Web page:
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Ordinary Days
Music and Lyrics by Adam Gwon
Directed by Samantha Stavely
Silhouettes Production Company
June 22, 2017

Clayton Humburg, Grace Minnis, Emily Scott, Gabriel Beckerle
Photo: Silhouettes Production Company

New York is a big city. To many people, it’s THE big city–the iconic representation of what a large, bustling American city is about, full of people with hopes and dreams big and small. NYC is the setting for the four-person, mostly sung-through musical Ordinary Days, which tells the story of four New Yorkers whose lives intersect in somewhat surprising ways. It’s a one-act musical and not very long, but it’s full of energy and a bright, tuneful score. Presented by Silhouettes Production Company at the Chapel, this show features a promising young cast that emphasizes the sincerity and optimism of the piece.

The story follows four people, only two of whom actually know each other at the beginning of the show. Jason (Clayton Humburg) and Claire (Grace Minnie) are a young couple who have been seeing each other for a while and have just decided to move in together, and Jason is excited, although Claire has some secrets she’s not yet ready to share. Meanwhile, the idealistic Warren (Gabriel Beckerle) is house-sitting for a controversial artist and papering the town with flyers quoting the artist’s work, and exasperated grad student Deb (Emily Scott) loses a notebook containing important information for her thesis, and Warren finds it, eventually leading to an unlikely friendship. The story occasionally takes the characters to the same place at the same time, such as when all four take a memorable journey to the Metropolitan Museum of Art, but their paths don’t directly cross until near the end of the play. In the meantime, Jason and Claire navigate a difficult stage of their relationship, and Warren and Deb contemplate the purpose of their lives.  It’s a somewhat slight plot, but the focus is on these characters and their interactions, with moments of humor and drama woven into the story punctuated by Adam Gwon’s memorable score.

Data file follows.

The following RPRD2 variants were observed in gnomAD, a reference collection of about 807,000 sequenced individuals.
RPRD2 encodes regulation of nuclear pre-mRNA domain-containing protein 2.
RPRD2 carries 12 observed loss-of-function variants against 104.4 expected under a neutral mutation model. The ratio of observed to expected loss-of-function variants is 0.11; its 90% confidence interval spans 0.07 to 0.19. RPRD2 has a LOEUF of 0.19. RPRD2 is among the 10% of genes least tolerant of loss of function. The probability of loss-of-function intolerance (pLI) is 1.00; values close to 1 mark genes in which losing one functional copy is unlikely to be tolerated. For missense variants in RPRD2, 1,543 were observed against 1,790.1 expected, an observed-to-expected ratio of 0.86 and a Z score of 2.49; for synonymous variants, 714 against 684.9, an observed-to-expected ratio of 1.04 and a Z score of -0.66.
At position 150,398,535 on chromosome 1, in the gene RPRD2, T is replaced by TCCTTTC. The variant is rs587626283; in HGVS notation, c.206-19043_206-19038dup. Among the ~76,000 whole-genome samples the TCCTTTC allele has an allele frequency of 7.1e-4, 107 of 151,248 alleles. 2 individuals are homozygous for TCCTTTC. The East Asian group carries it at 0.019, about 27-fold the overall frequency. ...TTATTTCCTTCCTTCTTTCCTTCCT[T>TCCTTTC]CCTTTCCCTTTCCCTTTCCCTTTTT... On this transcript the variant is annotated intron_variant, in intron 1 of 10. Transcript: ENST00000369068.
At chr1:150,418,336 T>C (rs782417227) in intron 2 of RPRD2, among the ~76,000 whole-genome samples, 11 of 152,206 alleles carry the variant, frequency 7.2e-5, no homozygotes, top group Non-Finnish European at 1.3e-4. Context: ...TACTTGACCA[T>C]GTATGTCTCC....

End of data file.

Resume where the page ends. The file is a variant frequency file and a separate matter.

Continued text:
This production is simply staged, with an evocative two-level set by Emily Rice that suggests the brick buildings and fire escapes of New York backed by a silhouetted skyline. The characters are appropriately outfitted by costume coordinator Katie Melin, and the action is illuminated well by lighting designer Nick Cook. The staging is brisk and energetic, with strong characterizations and excellent vocals by an energetic young cast, with Scott as the stressed-out Deb and Beckerle as the exhaustingly optimistic Warren as real stand-outs. Beckerle’s voice in particular is strong and clear from his first number, the show-opening “One by One by One”. There’s a great combative chemistry between these two as well. Humburg and Minnis are also excellent as Jason and Claire, bringing a believable emotion to their story, although Minnis reads as slightly young for the backstory that is revealed for Claire. Still, they make a convincing couple, and Humburg brings an endearing determination to his role as well. There’s good singing all around, well supported by accompanist Ellie Bode on piano.

This is an encouraging show. It’s a refreshingly sincere, character-driven story that also succeeds in making its setting a character in itself.  This is the second production of this show I have seen (after seeing it a few years ago in London), and it’s a good one.  It’s a vibrant show with a lot of heart, from a production company with which I hadn’t been familiar before, and I’m impressed.  It’s an excellent effort, and well worth seeing.

Silhouettes Production Company is presenting Ordinary Days a the Chapel until June 24, 2017.

 

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